In May 2014, in pre-Donald Trump Orange County, 23-year-old Christopher Lee Rogers couldn’t get a job and he found a scapegoat: “Wetbacks.”
Rogers stood in front of a Santa Ana auto repair shop owned by Ruben Borroels and his two sons and decided to let them know of his feelings, according to court records.
“I can’t get a job because of you Mexicans,” he screamed. “If you are Mexican, go back to Mexico . . . Fuck you, you wetback, Mexican, get out of America!”
Rogers then entered the workshop, picked up a broom and began sweeping while yelling additional slurs and threatening a fight.
After slightly connecting a punch to Ruben’s chin, the jobless man called 911, believing he was in the right and could have the business owners deported.
By the time Santa Ana Police Department officer Michael McCarthy arrived, Rogers had fled but was located about a block away. He told McCarthy to “fuck off” and questioned the officer’s nationality.
The fiasco landed Rogers in court, where in January 2015 he received a punishment of 16 months in jail after a jury convicted him of felony assault that was a hate crime, disorderly conduct and disturbing the peace.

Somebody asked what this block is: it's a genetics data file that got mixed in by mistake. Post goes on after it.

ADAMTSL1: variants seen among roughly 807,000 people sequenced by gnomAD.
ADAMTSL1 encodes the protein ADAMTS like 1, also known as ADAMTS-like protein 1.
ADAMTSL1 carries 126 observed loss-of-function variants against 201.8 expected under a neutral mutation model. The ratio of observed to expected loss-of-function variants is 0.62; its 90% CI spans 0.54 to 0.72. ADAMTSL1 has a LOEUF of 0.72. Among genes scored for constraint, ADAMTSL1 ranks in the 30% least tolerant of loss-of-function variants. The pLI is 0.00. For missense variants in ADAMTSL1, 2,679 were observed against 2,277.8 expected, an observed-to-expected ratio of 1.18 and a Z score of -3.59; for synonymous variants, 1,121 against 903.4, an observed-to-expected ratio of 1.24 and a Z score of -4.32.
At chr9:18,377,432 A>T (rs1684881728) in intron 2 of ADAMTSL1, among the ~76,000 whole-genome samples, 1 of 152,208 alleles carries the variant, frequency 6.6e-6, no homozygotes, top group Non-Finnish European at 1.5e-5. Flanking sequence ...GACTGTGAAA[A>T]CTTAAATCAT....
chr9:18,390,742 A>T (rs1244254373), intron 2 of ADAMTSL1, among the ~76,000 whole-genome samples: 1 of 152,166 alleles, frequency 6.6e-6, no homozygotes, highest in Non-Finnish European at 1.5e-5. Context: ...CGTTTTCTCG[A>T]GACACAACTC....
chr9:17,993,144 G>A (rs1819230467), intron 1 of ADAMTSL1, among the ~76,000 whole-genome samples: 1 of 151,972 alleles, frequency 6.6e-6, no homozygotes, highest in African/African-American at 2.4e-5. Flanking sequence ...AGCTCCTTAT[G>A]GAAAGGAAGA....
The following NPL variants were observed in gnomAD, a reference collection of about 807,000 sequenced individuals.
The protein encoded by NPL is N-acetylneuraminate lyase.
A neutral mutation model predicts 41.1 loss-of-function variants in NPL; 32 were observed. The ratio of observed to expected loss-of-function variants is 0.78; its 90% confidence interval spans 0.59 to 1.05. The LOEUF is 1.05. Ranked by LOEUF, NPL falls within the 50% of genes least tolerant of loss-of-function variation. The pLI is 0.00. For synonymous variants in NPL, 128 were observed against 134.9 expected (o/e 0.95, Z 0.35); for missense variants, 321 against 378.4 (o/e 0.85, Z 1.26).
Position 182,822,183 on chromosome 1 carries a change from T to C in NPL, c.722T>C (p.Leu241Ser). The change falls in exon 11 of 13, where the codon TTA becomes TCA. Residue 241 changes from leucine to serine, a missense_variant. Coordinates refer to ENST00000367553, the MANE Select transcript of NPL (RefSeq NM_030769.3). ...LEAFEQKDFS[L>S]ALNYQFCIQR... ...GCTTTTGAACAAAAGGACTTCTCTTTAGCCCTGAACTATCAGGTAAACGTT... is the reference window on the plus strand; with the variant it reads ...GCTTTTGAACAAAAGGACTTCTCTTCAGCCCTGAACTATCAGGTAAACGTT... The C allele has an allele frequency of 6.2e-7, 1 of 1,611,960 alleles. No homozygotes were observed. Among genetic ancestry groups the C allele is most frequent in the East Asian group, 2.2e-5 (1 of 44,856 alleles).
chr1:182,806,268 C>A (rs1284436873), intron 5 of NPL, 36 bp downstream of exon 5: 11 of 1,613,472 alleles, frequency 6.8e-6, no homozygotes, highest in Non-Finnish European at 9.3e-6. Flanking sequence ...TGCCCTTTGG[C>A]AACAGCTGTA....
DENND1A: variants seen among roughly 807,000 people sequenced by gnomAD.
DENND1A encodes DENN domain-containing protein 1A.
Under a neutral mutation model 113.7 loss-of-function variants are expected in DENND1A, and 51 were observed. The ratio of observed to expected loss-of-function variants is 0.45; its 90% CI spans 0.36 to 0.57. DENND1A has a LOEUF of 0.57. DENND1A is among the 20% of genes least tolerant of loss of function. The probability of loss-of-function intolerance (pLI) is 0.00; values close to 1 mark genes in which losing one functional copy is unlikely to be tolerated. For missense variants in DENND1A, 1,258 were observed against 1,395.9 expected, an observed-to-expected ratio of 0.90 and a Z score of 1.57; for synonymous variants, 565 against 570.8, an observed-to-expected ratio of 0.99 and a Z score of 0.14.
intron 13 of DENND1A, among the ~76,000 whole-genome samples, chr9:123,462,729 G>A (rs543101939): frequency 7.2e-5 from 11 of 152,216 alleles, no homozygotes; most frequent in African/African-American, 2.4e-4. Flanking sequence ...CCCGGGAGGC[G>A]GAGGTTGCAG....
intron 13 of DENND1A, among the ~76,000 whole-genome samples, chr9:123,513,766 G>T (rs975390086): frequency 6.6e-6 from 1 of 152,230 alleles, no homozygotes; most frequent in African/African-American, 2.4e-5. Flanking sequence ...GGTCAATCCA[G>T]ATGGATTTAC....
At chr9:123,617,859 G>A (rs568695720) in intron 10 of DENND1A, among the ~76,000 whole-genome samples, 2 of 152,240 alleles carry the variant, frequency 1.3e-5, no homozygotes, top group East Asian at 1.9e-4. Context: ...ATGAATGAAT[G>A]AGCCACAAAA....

But he appealed, claiming he’d acted in self-defense and that he’d entered the business merely to apply for a job.
Late last month, the California Court of Appeal based in Santa Ana determined from a police report that Roger had been intoxicated during the incident, rejected his self-defense assertion, essentially laughed at the job seeking explanation and affirmed the conviction.
R. Scott Moxley’s award-winning investigative journalism has touched nerves for two decades. An angry congressman threatened to break Moxley’s knee caps. A dirty sheriff promised his critical reporting was irrelevant and then landed in prison. The U.S. House of Representatives debated his work. Federal prosecutors credited his stories for the arrest of a doctor who sold fake medicine to dying patients. Moxley has won Journalist of the Year honors at the Los Angeles Press Club; been named Distinguished Journalist of the Year by the LA Society of Professional Journalists; and hailed by two New York Times Magazine writers for his “herculean job” exposing Southern California law enforcement corruption.